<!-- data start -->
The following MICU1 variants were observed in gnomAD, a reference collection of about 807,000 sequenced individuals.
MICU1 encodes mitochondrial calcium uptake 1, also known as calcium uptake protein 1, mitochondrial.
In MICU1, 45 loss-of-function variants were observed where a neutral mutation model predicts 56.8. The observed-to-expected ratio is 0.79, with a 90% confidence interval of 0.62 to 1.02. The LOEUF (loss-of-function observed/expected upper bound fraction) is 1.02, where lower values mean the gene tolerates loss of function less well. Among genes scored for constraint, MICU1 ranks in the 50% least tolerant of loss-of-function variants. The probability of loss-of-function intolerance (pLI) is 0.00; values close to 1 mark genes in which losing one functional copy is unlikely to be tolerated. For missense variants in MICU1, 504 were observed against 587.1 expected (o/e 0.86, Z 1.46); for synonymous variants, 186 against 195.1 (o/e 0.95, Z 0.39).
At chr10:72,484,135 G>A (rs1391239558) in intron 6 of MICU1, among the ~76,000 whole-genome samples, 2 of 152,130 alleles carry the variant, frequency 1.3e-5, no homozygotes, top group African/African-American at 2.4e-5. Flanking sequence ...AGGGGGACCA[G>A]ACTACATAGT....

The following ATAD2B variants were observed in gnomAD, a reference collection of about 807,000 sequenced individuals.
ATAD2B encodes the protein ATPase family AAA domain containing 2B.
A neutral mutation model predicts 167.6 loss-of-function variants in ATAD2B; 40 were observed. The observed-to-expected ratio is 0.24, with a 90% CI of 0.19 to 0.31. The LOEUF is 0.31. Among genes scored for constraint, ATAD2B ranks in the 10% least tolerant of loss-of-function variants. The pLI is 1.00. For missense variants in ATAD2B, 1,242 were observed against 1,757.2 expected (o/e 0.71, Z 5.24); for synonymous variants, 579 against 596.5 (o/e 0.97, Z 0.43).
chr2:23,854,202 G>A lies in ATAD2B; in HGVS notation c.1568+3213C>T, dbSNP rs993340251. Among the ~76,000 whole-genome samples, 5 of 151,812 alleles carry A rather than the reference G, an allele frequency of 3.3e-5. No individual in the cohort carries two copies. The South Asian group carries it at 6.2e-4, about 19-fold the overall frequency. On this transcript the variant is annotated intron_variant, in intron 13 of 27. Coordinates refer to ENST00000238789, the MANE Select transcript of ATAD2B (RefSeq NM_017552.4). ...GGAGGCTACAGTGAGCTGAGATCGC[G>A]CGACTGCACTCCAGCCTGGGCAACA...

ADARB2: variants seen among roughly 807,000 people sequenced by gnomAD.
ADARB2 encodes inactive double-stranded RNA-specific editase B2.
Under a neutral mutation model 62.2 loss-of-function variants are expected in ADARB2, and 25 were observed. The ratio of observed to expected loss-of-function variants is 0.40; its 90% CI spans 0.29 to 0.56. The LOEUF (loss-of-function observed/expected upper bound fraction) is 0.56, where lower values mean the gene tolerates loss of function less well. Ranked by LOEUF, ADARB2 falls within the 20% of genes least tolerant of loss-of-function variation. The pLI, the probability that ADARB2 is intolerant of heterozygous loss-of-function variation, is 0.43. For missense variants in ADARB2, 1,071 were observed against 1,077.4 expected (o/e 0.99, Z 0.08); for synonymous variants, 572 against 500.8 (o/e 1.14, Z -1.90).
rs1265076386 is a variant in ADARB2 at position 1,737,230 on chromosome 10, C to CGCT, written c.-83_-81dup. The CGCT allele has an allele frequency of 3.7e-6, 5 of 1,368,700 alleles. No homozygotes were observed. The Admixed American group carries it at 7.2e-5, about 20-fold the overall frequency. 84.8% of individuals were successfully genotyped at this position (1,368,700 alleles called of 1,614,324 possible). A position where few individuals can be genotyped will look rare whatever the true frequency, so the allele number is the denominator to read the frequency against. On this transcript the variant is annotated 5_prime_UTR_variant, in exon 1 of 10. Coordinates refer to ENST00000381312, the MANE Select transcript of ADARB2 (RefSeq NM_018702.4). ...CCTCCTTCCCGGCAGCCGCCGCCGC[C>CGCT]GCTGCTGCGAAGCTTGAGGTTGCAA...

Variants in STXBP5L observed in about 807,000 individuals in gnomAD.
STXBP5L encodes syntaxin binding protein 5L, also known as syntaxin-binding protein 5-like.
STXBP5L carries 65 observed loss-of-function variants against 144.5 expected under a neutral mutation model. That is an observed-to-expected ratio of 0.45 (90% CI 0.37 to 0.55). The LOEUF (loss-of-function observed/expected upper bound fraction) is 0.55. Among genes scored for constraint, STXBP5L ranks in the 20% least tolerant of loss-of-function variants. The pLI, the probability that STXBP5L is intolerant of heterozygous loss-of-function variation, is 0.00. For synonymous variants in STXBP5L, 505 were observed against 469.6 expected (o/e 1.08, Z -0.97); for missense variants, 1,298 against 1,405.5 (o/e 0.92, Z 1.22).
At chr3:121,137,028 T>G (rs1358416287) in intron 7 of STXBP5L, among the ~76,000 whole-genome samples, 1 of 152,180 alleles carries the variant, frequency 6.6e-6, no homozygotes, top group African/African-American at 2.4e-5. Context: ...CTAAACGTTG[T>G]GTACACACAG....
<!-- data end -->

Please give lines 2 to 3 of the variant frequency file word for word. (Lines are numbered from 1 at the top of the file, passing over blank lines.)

MICU1 encodes mitochondrial calcium uptake 1, also known as calcium uptake protein 1, mitochondrial.
In MICU1, 45 loss-of-function variants were observed where a neutral mutation model predicts 56.8. The observed-to-expected ratio is 0.79, with a 90% confidence interval of 0.62 to 1.02. The LOEUF (loss-of-function observed/expected upper bound fraction) is 1.02, where lower values mean the gene tolerates loss of function less well. Among genes scored for constraint, MICU1 ranks in the 50% least tolerant of loss-of-function variants. The probability of loss-of-function intolerance (pLI) is 0.00; values close to 1 mark genes in which losing one functional copy is unlikely to be tolerated. For missense variants in MICU1, 504 were observed against 587.1 expected (o/e 0.86, Z 1.46); for synonymous variants, 186 against 195.1 (o/e 0.95, Z 0.39).